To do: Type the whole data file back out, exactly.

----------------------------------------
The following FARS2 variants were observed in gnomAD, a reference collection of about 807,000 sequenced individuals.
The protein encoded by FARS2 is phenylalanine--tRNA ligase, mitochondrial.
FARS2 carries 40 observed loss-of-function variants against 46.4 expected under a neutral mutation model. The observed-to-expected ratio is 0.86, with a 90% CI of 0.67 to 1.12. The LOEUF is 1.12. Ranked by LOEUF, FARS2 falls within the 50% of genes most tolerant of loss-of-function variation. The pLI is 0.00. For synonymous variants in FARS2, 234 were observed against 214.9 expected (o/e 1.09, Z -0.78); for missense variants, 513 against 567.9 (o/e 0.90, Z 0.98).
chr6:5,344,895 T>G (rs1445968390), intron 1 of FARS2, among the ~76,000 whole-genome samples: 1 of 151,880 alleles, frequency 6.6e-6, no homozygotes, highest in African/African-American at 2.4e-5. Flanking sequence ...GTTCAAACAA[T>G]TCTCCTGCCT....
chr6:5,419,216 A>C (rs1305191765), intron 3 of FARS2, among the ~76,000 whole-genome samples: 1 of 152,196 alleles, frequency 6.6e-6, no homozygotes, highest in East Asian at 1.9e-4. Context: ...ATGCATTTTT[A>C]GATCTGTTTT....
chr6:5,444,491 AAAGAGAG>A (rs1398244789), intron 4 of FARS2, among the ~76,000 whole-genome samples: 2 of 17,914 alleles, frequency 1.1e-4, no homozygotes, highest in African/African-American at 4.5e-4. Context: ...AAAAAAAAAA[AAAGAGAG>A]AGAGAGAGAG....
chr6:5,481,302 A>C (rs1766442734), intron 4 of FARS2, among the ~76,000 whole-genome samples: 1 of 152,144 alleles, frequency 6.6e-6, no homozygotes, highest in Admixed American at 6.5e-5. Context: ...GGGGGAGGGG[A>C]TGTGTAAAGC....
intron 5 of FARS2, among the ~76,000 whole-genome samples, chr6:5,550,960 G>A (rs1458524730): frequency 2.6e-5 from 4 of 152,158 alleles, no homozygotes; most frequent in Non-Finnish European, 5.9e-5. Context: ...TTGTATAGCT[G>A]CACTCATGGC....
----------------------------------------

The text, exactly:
The following FARS2 variants were observed in gnomAD, a reference collection of about 807,000 sequenced individuals.
The protein encoded by FARS2 is phenylalanine--tRNA ligase, mitochondrial.
FARS2 carries 40 observed loss-of-function variants against 46.4 expected under a neutral mutation model. The observed-to-expected ratio is 0.86, with a 90% CI of 0.67 to 1.12. The LOEUF is 1.12. Ranked by LOEUF, FARS2 falls within the 50% of genes most tolerant of loss-of-function variation. The pLI is 0.00. For synonymous variants in FARS2, 234 were observed against 214.9 expected (o/e 1.09, Z -0.78); for missense variants, 513 against 567.9 (o/e 0.90, Z 0.98).
chr6:5,344,895 T>G (rs1445968390), intron 1 of FARS2, among the ~76,000 whole-genome samples: 1 of 151,880 alleles, frequency 6.6e-6, no homozygotes, highest in African/African-American at 2.4e-5. Flanking sequence ...GTTCAAACAA[T>G]TCTCCTGCCT....
chr6:5,419,216 A>C (rs1305191765), intron 3 of FARS2, among the ~76,000 whole-genome samples: 1 of 152,196 alleles, frequency 6.6e-6, no homozygotes, highest in East Asian at 1.9e-4. Context: ...ATGCATTTTT[A>C]GATCTGTTTT....
chr6:5,444,491 AAAGAGAG>A (rs1398244789), intron 4 of FARS2, among the ~76,000 whole-genome samples: 2 of 17,914 alleles, frequency 1.1e-4, no homozygotes, highest in African/African-American at 4.5e-4. Context: ...AAAAAAAAAA[AAAGAGAG>A]AGAGAGAGAG....
chr6:5,481,302 A>C (rs1766442734), intron 4 of FARS2, among the ~76,000 whole-genome samples: 1 of 152,144 alleles, frequency 6.6e-6, no homozygotes, highest in Admixed American at 6.5e-5. Context: ...GGGGGAGGGG[A>C]TGTGTAAAGC....
intron 5 of FARS2, among the ~76,000 whole-genome samples, chr6:5,550,960 G>A (rs1458524730): frequency 2.6e-5 from 4 of 152,158 alleles, no homozygotes; most frequent in Non-Finnish European, 5.9e-5. Context: ...TTGTATAGCT[G>A]CACTCATGGC....